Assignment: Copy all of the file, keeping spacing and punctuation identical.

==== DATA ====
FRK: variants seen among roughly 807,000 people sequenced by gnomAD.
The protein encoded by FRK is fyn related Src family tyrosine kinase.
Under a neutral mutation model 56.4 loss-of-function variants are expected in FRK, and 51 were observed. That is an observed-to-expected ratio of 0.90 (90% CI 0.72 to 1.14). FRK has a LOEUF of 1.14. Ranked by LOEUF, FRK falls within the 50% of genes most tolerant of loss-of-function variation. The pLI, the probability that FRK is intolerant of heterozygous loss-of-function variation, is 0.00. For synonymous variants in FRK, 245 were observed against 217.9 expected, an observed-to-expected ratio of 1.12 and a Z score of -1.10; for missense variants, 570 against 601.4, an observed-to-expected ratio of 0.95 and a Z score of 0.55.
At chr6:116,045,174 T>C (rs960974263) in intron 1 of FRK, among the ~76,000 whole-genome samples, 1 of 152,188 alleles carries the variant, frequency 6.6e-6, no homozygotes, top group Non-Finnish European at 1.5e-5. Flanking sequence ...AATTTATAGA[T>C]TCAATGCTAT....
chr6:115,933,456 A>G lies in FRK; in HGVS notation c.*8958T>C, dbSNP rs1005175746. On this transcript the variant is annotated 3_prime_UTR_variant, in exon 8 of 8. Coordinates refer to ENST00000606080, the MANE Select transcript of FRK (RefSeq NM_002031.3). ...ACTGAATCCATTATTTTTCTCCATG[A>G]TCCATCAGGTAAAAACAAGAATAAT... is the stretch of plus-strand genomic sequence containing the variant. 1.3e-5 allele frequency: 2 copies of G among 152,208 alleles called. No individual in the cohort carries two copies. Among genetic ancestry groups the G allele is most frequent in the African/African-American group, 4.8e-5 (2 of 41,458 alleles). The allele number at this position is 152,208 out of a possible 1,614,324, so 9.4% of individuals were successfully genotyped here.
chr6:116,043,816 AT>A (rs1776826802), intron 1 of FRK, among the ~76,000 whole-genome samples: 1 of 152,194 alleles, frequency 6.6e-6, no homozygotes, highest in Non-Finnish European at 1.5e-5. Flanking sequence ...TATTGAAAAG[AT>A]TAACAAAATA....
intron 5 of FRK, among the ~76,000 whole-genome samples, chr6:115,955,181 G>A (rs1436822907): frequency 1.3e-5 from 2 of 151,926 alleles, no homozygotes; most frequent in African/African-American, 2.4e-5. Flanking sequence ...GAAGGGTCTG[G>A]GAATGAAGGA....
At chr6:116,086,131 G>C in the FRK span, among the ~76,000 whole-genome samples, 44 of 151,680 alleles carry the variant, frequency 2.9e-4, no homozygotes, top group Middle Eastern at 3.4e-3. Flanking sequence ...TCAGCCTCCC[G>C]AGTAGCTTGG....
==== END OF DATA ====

FRK: variants seen among roughly 807,000 people sequenced by gnomAD.
The protein encoded by FRK is fyn related Src family tyrosine kinase.
Under a neutral mutation model 56.4 loss-of-function variants are expected in FRK, and 51 were observed. That is an observed-to-expected ratio of 0.90 (90% CI 0.72 to 1.14). FRK has a LOEUF of 1.14. Ranked by LOEUF, FRK falls within the 50% of genes most tolerant of loss-of-function variation. The pLI, the probability that FRK is intolerant of heterozygous loss-of-function variation, is 0.00. For synonymous variants in FRK, 245 were observed against 217.9 expected, an observed-to-expected ratio of 1.12 and a Z score of -1.10; for missense variants, 570 against 601.4, an observed-to-expected ratio of 0.95 and a Z score of 0.55.
At chr6:116,045,174 T>C (rs960974263) in intron 1 of FRK, among the ~76,000 whole-genome samples, 1 of 152,188 alleles carries the variant, frequency 6.6e-6, no homozygotes, top group Non-Finnish European at 1.5e-5. Flanking sequence ...AATTTATAGA[T>C]TCAATGCTAT....
chr6:115,933,456 A>G lies in FRK; in HGVS notation c.*8958T>C, dbSNP rs1005175746. On this transcript the variant is annotated 3_prime_UTR_variant, in exon 8 of 8. Coordinates refer to ENST00000606080, the MANE Select transcript of FRK (RefSeq NM_002031.3). ...ACTGAATCCATTATTTTTCTCCATG[A>G]TCCATCAGGTAAAAACAAGAATAAT... is the stretch of plus-strand genomic sequence containing the variant. 1.3e-5 allele frequency: 2 copies of G among 152,208 alleles called. No individual in the cohort carries two copies. Among genetic ancestry groups the G allele is most frequent in the African/African-American group, 4.8e-5 (2 of 41,458 alleles). The allele number at this position is 152,208 out of a possible 1,614,324, so 9.4% of individuals were successfully genotyped here.
chr6:116,043,816 AT>A (rs1776826802), intron 1 of FRK, among the ~76,000 whole-genome samples: 1 of 152,194 alleles, frequency 6.6e-6, no homozygotes, highest in Non-Finnish European at 1.5e-5. Flanking sequence ...TATTGAAAAG[AT>A]TAACAAAATA....
intron 5 of FRK, among the ~76,000 whole-genome samples, chr6:115,955,181 G>A (rs1436822907): frequency 1.3e-5 from 2 of 151,926 alleles, no homozygotes; most frequent in African/African-American, 2.4e-5. Flanking sequence ...GAAGGGTCTG[G>A]GAATGAAGGA....
At chr6:116,086,131 G>C in the FRK span, among the ~76,000 whole-genome samples, 44 of 151,680 alleles carry the variant, frequency 2.9e-4, no homozygotes, top group Middle Eastern at 3.4e-3. Flanking sequence ...TCAGCCTCCC[G>C]AGTAGCTTGG....